That concern was echoed by Matt Sinovic, executive director of the 75,000-member Progress Iowa progressive advocacy organization, who called on Iowa’s political leaders to publicly state their support for Iowa’s redistricting process in light of the court ruling he said “should send a chill down the spine of every Iowan who values fair elections.”
“Political districts have been drawn based on politics in other states, and there have been disastrous results. Thankfully, Iowa has a nonpartisan plan in place,” said Sinovic. “That plan should remain in place, and every elected official in Iowa should speak out in favor of it.”
Iowans amended the state constitution in 1968 to require congressional and legislative districts be equal in population. After a subsequent court challenge to legislatively drawn maps based on the 1970 Census, the Iowa Supreme Court found the redistricting plans unconstitutional and ended up drawing the districts.
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After that, the Legislature approved in 1980 and former Gov. Robert Ray signed into law a plan designed to take partisan politics out of the process. It directed the nonpartisan Legislative Services Agency to draw new district boundaries based upon equal population that also take into account political subdivisions, contiguousness and compactness while excluding political factors such as data concerning incumbents’ addresses, party affiliations and previous election returns.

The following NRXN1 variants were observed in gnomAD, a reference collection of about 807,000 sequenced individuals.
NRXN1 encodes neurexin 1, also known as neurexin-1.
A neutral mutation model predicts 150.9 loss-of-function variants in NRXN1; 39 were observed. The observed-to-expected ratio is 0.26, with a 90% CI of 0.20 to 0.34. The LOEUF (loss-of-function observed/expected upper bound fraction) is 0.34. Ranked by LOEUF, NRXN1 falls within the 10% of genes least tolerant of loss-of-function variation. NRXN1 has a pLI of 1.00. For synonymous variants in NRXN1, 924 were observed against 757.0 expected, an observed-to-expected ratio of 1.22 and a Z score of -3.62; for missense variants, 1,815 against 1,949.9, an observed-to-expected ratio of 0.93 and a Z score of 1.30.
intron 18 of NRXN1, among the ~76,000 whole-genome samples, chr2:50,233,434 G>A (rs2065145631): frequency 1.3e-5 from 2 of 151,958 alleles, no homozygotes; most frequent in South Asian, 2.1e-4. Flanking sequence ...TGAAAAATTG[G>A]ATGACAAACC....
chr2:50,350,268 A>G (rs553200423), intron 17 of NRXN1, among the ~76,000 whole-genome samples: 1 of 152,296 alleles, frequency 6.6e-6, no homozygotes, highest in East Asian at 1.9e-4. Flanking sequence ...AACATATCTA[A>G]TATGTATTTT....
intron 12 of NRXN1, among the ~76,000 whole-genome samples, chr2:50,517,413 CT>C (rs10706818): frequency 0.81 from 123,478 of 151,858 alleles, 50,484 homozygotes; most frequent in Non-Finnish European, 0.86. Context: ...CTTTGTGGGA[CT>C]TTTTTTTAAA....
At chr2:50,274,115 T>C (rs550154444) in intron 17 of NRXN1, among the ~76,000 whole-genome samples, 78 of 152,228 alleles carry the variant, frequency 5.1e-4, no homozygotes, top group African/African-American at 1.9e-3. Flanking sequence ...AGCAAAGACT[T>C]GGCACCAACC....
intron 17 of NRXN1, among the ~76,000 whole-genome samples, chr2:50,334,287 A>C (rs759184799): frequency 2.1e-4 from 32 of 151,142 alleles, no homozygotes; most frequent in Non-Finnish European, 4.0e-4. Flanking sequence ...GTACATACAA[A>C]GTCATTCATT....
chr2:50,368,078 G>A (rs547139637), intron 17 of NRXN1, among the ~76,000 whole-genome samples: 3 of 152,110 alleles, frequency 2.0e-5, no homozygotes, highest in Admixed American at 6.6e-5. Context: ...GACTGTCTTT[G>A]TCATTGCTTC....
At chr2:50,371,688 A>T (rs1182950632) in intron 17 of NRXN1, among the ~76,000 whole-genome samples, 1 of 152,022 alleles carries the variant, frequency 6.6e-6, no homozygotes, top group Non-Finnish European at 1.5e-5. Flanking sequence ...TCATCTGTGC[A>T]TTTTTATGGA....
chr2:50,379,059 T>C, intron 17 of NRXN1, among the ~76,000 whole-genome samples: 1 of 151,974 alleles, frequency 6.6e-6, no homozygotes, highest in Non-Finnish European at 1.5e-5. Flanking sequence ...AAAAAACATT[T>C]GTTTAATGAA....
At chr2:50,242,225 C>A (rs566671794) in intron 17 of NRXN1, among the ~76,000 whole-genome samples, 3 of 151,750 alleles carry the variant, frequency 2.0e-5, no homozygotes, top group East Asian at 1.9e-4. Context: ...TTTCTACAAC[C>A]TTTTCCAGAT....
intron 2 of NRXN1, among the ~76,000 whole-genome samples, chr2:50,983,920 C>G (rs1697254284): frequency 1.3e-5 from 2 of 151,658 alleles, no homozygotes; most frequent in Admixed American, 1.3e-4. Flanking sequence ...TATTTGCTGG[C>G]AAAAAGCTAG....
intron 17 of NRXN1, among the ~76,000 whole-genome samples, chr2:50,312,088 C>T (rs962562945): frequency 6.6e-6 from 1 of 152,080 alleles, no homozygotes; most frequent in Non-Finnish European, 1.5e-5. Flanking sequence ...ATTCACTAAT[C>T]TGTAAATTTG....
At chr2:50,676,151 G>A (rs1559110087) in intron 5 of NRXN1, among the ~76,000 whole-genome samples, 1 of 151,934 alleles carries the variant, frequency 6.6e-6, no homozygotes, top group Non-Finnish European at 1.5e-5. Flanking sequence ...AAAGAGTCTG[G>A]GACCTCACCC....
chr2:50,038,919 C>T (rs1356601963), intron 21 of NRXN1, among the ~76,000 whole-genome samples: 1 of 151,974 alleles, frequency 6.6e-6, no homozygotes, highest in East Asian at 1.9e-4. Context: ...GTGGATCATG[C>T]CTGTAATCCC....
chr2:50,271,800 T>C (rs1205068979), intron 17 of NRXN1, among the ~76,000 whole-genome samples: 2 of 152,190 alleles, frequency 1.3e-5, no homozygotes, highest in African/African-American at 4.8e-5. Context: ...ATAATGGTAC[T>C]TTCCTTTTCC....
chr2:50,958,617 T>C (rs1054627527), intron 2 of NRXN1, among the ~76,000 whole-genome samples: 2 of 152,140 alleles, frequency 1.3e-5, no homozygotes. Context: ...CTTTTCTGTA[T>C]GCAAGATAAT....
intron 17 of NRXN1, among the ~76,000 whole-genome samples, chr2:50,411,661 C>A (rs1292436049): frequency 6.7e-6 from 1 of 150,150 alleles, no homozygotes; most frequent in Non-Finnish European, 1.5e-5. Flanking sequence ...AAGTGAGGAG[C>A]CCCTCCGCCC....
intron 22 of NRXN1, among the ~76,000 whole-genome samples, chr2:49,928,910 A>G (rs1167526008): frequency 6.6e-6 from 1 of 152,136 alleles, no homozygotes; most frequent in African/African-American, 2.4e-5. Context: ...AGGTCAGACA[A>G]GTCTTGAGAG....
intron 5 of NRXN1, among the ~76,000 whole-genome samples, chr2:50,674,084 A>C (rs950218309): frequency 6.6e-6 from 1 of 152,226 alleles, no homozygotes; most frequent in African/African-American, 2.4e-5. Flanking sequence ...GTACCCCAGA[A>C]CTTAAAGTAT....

Under the Iowa approach, the first staff-drawn map is presented to the Legislature, which may only vote the plan up or down with no amending. If rejected, a second map is presented with the same provisos. If that plan is rejected, a third map is presented to the Legislature which can be amended.
Rep. Bobby Kaufmann, R-Wilton, chairman of the State Government Committee, said that approach remains the law of Iowa and “the only people that I’ve heard talking about changing that are Democrats trying to invent boogie men to slay.”
Iowa’s current reapportionment system is not without consequences. Just ask Rep. Pat Grassley, who was thrown into a GOP primary contest in 2012 with then-Rep. and now state Sen. Annette Sweeney, R-Alden, when the two incumbents were placed together in the newly drawn House District 50. Grassley ended up winning the primary.
“I see nothing wrong with our redistricting process and I don’t see anyone wanting to change,” said Grassley, R-New Hartford, chairman of the House Appropriations Committee.
“I think if anyone had some frustrations with it, it would be me after my primary that I had after the last redistricting, but I think we have a good process in the state and I think the conversations around that have been much overblown,” he added. “If anybody can complain about it, it’s me, but I think we have a good process here.”
Senate Democratic Leader Janet Petersen of Des Moines said Iowa elected officials should pledge to support “fair maps” and vow not to change a redistricting process in 2021 that is “fair, efficient and free of corruption.”